1913 mosin nagant

Discussion in 'General Military Arms & History Forum' started by remington1990, Dec 8, 2010.

  1. remington1990

    remington1990 New Member

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    I found a 1913 mosin nagant for 150 it looks pretty good but I don't know what to look for on the mosin nagant the bolt looks good too
  2. The_Guv

    The_Guv New Member

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    There's not much to a Mosin Nagant, I have an M44 Carbine myself. If you're looking for a shooter, check the barrel, bolt parts, chamber and sights. For the most part, Nagansts are simple as all hell, can't go wrong

    One thing I found that helped accuracy on mine, was to put the trigger guard and interacting parts back on after stripping but leave it loose, and then give it a little bang off the floor (the butt, tap the butt on the floor) to settle the parts before tightening, I picked this up off another shooter and I DID notice an increase in accuracy, not a huge one or anything but noticeable
    Last edited: Dec 8, 2010
  3. remington1990

    remington1990 New Member

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    It being almost a 100 years old would it be safe to shot. the barrel Look pretty good to I didn't look at the rifling on it
  4. The_Guv

    The_Guv New Member

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    SHOULD be safe to shoot, these things were meant to last. As with any gun you're unsure about though, have it looked at, firing pin protrusion, there's a small tool meant for the Nagants, it's a combination screwdriver, firing pin protrusion gauge and firing pin wrench. It is commonly known as a "bolt tool" and it's easy to get, the two inner notches check the protrusion of the firing pin, it should touch the top of one and not touch the top in the other if I remember rightly. Botl must be in the uncocked position of course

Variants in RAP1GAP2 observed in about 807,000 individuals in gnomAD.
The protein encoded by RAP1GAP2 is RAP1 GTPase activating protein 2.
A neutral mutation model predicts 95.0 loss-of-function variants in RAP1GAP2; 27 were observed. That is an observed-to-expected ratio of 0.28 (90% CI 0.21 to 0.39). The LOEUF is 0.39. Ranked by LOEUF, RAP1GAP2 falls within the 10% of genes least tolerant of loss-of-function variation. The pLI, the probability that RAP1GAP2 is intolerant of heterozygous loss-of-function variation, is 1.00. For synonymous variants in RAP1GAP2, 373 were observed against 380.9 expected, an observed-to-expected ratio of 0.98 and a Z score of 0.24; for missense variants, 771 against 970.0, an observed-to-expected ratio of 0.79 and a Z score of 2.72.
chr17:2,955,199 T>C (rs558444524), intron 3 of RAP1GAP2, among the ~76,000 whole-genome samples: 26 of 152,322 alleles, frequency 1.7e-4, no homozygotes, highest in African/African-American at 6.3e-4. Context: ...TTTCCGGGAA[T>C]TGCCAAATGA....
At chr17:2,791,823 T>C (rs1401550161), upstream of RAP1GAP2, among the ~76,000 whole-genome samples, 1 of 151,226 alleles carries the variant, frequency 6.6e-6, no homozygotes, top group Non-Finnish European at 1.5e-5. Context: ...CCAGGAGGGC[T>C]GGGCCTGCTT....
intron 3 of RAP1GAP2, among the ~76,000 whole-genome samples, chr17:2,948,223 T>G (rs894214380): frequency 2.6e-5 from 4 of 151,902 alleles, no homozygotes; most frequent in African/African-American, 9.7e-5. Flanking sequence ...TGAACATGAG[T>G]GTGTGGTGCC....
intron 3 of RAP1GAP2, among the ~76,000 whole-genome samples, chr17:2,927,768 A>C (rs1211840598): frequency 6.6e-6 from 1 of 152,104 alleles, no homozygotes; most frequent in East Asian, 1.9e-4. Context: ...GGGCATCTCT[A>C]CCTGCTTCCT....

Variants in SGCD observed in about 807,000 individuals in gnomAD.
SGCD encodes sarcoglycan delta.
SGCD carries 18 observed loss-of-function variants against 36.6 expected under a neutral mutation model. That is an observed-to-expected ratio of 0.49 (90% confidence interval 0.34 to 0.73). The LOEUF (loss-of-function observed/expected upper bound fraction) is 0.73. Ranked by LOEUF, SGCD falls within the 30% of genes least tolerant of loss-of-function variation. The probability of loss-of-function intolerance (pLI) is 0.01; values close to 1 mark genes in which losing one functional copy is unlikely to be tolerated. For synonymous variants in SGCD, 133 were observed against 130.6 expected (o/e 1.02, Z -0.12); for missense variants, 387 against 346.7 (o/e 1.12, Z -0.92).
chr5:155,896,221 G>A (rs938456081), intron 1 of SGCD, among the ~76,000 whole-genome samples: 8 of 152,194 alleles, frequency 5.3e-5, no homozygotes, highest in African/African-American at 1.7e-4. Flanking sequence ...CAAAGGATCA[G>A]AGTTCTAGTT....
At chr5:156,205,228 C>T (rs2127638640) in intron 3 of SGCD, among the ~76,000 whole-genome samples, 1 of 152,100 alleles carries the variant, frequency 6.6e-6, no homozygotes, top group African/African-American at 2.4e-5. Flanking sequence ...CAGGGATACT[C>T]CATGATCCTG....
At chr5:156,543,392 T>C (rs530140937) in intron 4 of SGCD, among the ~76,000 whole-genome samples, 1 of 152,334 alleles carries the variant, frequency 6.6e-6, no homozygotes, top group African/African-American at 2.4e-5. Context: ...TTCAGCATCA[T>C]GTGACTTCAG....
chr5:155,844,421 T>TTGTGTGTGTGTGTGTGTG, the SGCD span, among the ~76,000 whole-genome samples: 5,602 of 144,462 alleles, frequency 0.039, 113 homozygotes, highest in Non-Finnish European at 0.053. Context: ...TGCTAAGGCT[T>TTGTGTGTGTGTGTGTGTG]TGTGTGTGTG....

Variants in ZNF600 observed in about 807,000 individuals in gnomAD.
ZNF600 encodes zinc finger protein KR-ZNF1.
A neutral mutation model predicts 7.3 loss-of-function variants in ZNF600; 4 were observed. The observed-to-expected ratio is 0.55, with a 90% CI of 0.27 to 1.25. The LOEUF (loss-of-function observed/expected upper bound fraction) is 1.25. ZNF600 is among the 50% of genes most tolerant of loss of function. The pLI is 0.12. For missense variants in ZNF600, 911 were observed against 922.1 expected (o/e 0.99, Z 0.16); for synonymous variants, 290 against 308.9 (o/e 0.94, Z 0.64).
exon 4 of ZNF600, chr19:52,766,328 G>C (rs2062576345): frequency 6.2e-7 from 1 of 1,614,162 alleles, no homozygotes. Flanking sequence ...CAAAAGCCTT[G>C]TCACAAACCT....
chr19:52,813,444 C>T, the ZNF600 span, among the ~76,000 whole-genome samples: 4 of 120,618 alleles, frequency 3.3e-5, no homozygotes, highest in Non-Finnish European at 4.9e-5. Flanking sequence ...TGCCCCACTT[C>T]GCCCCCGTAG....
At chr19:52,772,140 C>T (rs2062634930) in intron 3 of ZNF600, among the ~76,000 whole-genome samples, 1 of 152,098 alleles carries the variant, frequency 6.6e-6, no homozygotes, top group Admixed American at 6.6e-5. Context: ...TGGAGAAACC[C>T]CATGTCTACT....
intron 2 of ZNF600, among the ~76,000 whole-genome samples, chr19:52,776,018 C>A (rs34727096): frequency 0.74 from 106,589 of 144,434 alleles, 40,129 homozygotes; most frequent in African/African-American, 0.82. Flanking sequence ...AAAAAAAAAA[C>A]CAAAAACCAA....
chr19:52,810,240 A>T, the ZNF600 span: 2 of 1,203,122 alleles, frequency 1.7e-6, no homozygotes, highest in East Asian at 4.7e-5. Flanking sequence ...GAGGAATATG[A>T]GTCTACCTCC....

[​IMG]

    Much more info available here

    As for headspace, you'd need the guages to check, most gunsmiths should have them
    Last edited: Dec 8, 2010
  5. remington1990

    remington1990 New Member

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    Are they many older mosin nagant out there I havnt looked at the much til just within the last month
  6. The_Guv

    The_Guv New Member

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    Mosin nagants can be old or new, no real specific time period, it served for a long time
  7. RustyBarrel111

    RustyBarrel111 New Member

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    If you're buying it from a reputabile dealer, ask them to check it out for you. That way you won't have any doubts.
  8. flyingtiger85

    flyingtiger85 Active Member

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    My mosens are dated 1939 and 1944 they look to be unused.I heard that if they were used the soldier wrote his name under the buttplate.Also thanks, now I know what that goofey looking tool is used for.
  9. The_Guv

    The_Guv New Member

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    Glad you now know what the tool is for, it's also a super awsoem screwdriver ;)

    I don't know about the name under the buttplate thing, I doubt it though, with the attrition rate and all.
  10. TRAP55

    TRAP55 New Member